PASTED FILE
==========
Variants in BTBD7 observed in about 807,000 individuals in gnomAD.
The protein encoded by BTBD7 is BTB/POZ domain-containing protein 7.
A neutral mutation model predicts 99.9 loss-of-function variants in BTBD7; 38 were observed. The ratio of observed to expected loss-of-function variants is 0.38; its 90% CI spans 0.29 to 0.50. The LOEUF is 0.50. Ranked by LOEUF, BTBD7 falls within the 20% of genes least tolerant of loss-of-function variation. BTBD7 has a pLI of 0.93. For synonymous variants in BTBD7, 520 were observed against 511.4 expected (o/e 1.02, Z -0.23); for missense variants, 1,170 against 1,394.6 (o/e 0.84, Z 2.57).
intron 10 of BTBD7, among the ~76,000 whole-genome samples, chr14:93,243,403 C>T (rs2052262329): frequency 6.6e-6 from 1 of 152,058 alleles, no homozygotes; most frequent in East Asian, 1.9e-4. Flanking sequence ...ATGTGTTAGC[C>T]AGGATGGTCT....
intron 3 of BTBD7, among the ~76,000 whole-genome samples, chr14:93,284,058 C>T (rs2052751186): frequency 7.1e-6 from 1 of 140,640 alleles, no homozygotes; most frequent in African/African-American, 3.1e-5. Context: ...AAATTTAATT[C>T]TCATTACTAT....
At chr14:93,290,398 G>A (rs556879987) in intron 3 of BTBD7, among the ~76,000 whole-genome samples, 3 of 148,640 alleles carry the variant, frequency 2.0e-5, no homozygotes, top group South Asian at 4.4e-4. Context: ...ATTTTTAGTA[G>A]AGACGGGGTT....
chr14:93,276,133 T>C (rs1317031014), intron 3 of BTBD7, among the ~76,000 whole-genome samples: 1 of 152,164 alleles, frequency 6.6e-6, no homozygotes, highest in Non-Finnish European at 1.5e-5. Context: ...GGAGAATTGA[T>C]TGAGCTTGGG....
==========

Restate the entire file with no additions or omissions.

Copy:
Variants in BTBD7 observed in about 807,000 individuals in gnomAD.
The protein encoded by BTBD7 is BTB/POZ domain-containing protein 7.
A neutral mutation model predicts 99.9 loss-of-function variants in BTBD7; 38 were observed. The ratio of observed to expected loss-of-function variants is 0.38; its 90% CI spans 0.29 to 0.50. The LOEUF is 0.50. Ranked by LOEUF, BTBD7 falls within the 20% of genes least tolerant of loss-of-function variation. BTBD7 has a pLI of 0.93. For synonymous variants in BTBD7, 520 were observed against 511.4 expected (o/e 1.02, Z -0.23); for missense variants, 1,170 against 1,394.6 (o/e 0.84, Z 2.57).
intron 10 of BTBD7, among the ~76,000 whole-genome samples, chr14:93,243,403 C>T (rs2052262329): frequency 6.6e-6 from 1 of 152,058 alleles, no homozygotes; most frequent in East Asian, 1.9e-4. Flanking sequence ...ATGTGTTAGC[C>T]AGGATGGTCT....
intron 3 of BTBD7, among the ~76,000 whole-genome samples, chr14:93,284,058 C>T (rs2052751186): frequency 7.1e-6 from 1 of 140,640 alleles, no homozygotes; most frequent in African/African-American, 3.1e-5. Context: ...AAATTTAATT[C>T]TCATTACTAT....
At chr14:93,290,398 G>A (rs556879987) in intron 3 of BTBD7, among the ~76,000 whole-genome samples, 3 of 148,640 alleles carry the variant, frequency 2.0e-5, no homozygotes, top group South Asian at 4.4e-4. Context: ...ATTTTTAGTA[G>A]AGACGGGGTT....
chr14:93,276,133 T>C (rs1317031014), intron 3 of BTBD7, among the ~76,000 whole-genome samples: 1 of 152,164 alleles, frequency 6.6e-6, no homozygotes, highest in Non-Finnish European at 1.5e-5. Context: ...GGAGAATTGA[T>C]TGAGCTTGGG....